In 2000, I went to see my eye doctor for a routine exam. As he was checking my eyes, he said, “You have a lump in your throat, you should have that looked at!” I thought that was strange as I stared in the mirror and asked friends, “Do you see a lump?” All responses including my own were no. I made an appointment with my family doctor who ordered an ultrasound. Yes, I did have a tiny-itty-bitty 2cm nodule. He told me, “This is really common in women, 50% of women have them. If it was my wife or daughter I wouldn’t worry about it.” So I didn’t.
In 2004, I moved to Arizona and had a well check with my new family practice doctor. I informed her that I have this nodule and was told not to worry about it. She responded saying, “We should have this checked out anyway.”
I saw an ear, nose and throat doctor who biopsied my nodule and we made an appointment for the next week. When I came back he and a med student took me into one of the back rooms and we all sat down. He had a piece of paper in his hand and he started to read it aloud. Amidst my two-year-old giggling and babbling I heard the words “probable cancer.” All I could do was stare at my son who was playing with his toy. Who was going to take care of my son! He needs me. Oh my god, my husband, my mother, my brother, my sister.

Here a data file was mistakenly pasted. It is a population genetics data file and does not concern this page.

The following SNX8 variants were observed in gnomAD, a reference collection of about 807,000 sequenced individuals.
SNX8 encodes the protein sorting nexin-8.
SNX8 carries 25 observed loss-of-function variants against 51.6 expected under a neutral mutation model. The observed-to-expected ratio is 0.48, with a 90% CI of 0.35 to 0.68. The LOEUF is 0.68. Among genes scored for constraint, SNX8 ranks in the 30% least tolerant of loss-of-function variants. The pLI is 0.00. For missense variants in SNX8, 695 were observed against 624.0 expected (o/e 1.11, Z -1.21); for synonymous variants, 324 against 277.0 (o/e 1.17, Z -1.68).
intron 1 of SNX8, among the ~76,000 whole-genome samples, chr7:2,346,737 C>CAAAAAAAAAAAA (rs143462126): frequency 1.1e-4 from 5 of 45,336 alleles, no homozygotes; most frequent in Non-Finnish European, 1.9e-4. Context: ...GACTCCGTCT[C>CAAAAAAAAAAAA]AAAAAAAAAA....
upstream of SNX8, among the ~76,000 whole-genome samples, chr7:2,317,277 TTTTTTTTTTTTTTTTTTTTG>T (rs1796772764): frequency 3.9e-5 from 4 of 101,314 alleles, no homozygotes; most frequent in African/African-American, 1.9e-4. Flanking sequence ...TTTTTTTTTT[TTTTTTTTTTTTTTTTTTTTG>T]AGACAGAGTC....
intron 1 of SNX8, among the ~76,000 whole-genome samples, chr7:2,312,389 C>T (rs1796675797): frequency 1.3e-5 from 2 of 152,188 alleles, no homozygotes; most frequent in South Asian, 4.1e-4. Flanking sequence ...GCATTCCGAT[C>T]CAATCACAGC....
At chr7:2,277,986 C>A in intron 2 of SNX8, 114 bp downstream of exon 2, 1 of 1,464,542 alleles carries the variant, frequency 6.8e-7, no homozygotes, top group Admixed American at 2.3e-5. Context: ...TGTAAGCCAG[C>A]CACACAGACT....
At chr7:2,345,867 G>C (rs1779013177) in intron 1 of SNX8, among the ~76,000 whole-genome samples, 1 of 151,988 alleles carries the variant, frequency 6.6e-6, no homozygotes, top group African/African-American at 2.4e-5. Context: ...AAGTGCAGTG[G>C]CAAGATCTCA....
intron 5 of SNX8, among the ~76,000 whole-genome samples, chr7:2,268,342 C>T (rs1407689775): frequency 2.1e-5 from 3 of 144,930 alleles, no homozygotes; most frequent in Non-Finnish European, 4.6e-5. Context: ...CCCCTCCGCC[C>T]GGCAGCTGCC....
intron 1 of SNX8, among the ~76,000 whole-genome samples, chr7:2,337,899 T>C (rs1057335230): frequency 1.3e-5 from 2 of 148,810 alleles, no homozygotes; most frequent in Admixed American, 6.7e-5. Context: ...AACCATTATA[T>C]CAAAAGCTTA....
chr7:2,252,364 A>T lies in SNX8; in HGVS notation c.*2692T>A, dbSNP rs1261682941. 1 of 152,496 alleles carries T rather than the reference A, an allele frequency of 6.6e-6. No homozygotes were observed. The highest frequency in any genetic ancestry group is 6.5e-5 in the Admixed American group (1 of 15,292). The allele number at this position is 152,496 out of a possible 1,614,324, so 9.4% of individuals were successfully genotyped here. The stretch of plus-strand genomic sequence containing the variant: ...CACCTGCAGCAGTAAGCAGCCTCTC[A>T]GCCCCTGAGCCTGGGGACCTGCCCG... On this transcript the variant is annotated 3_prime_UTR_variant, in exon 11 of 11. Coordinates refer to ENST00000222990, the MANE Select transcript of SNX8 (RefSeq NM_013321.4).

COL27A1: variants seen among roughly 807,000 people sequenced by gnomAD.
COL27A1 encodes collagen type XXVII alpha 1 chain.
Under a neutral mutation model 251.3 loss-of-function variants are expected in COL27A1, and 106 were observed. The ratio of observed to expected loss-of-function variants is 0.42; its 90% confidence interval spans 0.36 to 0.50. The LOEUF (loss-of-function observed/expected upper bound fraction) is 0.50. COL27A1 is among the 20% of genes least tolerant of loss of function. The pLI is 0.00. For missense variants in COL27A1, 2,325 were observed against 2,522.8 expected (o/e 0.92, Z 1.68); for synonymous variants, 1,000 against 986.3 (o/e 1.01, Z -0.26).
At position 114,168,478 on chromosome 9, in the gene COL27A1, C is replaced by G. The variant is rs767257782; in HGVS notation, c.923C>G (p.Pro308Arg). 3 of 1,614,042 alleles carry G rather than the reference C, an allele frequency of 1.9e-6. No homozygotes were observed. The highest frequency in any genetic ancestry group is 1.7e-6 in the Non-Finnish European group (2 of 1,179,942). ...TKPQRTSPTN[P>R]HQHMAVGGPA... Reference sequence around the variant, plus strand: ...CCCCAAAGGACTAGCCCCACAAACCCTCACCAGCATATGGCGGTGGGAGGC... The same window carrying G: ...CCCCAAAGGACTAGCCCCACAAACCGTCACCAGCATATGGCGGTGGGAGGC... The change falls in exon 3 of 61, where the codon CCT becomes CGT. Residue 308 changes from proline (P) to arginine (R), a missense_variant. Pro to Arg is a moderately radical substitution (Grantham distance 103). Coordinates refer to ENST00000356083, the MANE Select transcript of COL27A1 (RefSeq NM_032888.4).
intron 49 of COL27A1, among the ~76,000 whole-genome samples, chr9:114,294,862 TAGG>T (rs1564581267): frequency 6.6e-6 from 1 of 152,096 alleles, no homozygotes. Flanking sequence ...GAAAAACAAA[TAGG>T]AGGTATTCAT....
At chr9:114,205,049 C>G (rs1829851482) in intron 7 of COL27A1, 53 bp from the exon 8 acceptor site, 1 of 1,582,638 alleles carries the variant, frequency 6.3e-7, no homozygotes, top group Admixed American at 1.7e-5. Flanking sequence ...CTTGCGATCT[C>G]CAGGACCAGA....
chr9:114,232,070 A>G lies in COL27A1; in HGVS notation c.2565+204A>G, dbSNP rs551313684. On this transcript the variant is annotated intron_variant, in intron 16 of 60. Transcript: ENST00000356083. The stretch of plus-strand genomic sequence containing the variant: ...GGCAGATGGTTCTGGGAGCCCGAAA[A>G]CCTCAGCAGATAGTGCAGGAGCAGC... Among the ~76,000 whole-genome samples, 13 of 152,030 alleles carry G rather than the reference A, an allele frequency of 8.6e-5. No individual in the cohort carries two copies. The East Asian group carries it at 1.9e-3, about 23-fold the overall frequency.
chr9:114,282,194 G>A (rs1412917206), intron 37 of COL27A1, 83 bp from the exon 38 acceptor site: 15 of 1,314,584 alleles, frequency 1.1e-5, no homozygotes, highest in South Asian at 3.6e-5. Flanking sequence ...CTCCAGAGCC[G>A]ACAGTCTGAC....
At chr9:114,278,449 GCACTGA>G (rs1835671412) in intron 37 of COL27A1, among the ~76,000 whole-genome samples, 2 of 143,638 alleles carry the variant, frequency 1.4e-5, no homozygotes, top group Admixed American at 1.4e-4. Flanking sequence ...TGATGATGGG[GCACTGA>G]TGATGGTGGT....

It happened all very fast. Within two days I had a total Thyroidectomy, been positively diagnosed with Papillary Thyroid Cancer and then…the next plan was Radioactive Iodine Treatment.
As I sat in my hospital room, my Nuclear Medicine doctor came in with a huge cement block on rolling wheels. He opened it and handed me a tiny pill. He handed it to me and gave me instructions. I swallowed the pill and stayed awake the next twenty four hours drinking 16 ounces of water every hour and sucking on hard candy as I flipped through the hospital television channels. I have to say it was one of the most lonely experiences I have had; from the Biohazard sign on my door to the nurse yelling from afar if I needed anything and her trying to slide my food tray on the floor from the door to my bed. She made it most times.
After that experience I had my body scan.